In the above class all the methods are declared private. Still you obtain the values returning from the private methods. The following is the test harness class for the “Lover”.


package com.dds.test;

import java.lang.reflect.Method;

/**This is a testharness class is used for the class
 * Lover. This class displays you how to access the values
 * of the private methods.
 * @author Debadatta Mishra(PIKU)
 *
 */
public class LoverTestharness 
{
	public static void main(String[] args) 
	{
		try
		{
			Class cls = Class.forName("com.dds.core.Lover");
			Object obj = cls.newInstance();
			Method[] methods =  cls.getDeclaredMethods();
			for( int i = 0 ; i < methods.length ; i++ )
			{
				System.out.println("Method Name--->>>"+methods[i].getName());
				System.out.println("Method Return Type--->>>"+methods[i].getReturnType());
				methods[i].setAccessible(true);
				System.out.println("Method Value--->>>"+methods[i].invoke(obj));
			}
		}
		catch( Exception e )
		{
			e.printStackTrace();
		}
	}
}

This test harness class is used to display the values obtained from the private methods. Isn’t interesting ?

Case-3: Creating instance of a class having private constructor

Is it possible to create an instance of a class whose constructor is private in a normal way ? No way ! Think for an example an intelligent student does not allow to create an instance of the class. However you can create an object using reflection. Please refer to the following class.


package com.dds.core;

/**
 * This is a class whose constructor is
 * made private so that it can not be
 * instantiated.
 * 
 * @author Debadatta Mishra(PIKU)
 *
 */
public class Student 
{
	private Student()
	{
		super();
	}
}

In the above example the constructor is private. So normally you won’t be able to create an object in the way Student student = new Student();. So we have to use reflection. Please refer to the following test harness class.


package com.dds.test;

import java.lang.reflect.Constructor;

/**This is a testharness class for the class Student.
 * This class shows you how to create an instance of
 * a class whose constructor is private.
 * 
 * @author Debadatta Mishra(PIKU)
 *
 */
public class StudentTestharness 
{
	public static void main(String[] args) 
	{
		try
		{
			Class cls = Class.forName("com.dds.core.Lover");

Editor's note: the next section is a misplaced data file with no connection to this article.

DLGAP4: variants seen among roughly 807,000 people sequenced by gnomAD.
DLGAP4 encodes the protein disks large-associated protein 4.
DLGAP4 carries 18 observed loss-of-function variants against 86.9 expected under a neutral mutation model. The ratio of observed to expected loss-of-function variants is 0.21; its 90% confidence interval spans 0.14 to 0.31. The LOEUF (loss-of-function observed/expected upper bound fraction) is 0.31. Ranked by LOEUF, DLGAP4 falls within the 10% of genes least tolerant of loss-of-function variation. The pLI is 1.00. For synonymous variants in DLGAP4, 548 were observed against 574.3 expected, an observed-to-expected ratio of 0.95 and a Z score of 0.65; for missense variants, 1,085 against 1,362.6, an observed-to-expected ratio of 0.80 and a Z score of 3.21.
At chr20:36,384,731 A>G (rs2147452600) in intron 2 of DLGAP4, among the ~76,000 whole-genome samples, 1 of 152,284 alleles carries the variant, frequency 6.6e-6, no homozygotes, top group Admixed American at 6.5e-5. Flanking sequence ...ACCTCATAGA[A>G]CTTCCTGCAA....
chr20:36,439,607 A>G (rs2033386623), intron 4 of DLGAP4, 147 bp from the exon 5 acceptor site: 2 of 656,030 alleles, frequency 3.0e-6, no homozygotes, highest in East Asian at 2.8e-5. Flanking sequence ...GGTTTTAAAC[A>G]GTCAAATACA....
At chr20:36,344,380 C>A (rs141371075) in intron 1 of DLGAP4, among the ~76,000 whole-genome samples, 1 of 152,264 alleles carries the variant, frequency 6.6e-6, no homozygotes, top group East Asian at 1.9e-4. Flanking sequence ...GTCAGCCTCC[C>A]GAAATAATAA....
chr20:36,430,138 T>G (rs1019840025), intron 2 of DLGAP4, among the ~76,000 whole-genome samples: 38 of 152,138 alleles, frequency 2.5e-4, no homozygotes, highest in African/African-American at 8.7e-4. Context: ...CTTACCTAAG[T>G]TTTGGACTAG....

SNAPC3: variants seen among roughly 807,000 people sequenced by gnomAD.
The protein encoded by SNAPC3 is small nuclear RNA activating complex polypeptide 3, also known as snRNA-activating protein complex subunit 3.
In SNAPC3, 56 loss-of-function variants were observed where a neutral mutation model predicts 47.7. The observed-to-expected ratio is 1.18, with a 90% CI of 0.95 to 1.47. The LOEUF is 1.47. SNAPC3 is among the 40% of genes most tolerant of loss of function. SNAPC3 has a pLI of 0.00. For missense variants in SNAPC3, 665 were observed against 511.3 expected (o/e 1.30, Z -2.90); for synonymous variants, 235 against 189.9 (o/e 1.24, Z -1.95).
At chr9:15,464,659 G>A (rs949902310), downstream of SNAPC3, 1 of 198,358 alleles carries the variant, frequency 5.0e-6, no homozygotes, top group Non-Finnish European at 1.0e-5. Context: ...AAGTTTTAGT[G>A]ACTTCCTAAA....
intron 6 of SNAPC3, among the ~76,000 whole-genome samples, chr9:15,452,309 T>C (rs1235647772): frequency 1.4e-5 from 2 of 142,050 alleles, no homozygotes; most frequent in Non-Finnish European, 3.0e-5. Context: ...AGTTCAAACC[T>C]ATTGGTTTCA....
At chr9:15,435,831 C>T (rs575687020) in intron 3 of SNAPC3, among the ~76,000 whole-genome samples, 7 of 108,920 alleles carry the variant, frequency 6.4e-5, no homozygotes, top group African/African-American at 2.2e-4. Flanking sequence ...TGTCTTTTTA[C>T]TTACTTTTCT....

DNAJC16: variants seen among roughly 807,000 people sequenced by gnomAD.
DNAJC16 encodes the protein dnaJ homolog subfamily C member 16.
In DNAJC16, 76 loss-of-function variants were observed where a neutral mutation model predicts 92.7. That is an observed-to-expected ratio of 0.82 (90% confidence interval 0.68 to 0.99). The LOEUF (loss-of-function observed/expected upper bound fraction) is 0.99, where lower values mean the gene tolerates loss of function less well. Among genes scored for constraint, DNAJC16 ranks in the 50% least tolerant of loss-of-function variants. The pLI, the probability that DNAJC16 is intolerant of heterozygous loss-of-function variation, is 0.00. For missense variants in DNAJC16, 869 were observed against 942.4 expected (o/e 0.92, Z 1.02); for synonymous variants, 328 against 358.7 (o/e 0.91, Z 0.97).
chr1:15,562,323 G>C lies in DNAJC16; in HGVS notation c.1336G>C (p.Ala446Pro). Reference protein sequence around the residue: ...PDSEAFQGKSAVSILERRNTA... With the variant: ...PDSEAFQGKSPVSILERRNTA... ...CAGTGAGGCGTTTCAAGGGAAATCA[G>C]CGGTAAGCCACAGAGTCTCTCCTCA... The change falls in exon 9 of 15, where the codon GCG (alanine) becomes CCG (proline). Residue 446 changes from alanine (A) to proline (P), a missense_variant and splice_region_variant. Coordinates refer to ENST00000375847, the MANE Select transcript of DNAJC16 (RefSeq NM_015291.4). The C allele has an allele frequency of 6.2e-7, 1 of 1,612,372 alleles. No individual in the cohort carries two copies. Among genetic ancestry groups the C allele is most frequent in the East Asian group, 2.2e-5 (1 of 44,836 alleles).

Constructor[] constructors = cls.getDeclaredConstructors();
			System.out.println("Constructor Name--->>>"+constructors[0].getName());
			constructors[0].setAccessible(true);
			System.out.println("Object creation--->>>"+constructors[0].newInstance( ));
		}
		catch( Exception e )
		{
			e.printStackTrace();
		}
	}
}

So in the above test harness class you will be able to create an object reference although the constructor is private.

Case-4:Creation of multiple instance from Singleton class

As you know that there will be one and only one instance in case of singleton design pattern. I am not going to describe the details singleton design pattern. Hope you know about it. There are some ways you can create singleton class. I present here in one way. However it is also possible to create multiple instances from the singleton class. I can say that I can create basically two instances , one using reflection and another using directly. Please follow the following class.


package com.dds.core;

/**
 * This is a class which represents a singleton
 * design pattern. However it is a normal singleton
 * pattern.
 * @author Debadatta Mishra(PIKU)
 *
 */
public class MySingleton 
{
	private static MySingleton single = null;
	
	private MySingleton()
	{
		super();
	}
	
	public static MySingleton getInstance()
	{
		if( single == null )
			single = new MySingleton();
		return single;
	}
}

The above class is a flavour of singleton design pattern. I do not know to how much extent it is appropriate, still I will get only one instance across my application. Please refer to the following test harness class where we will be able to create several instances from the above singleton class.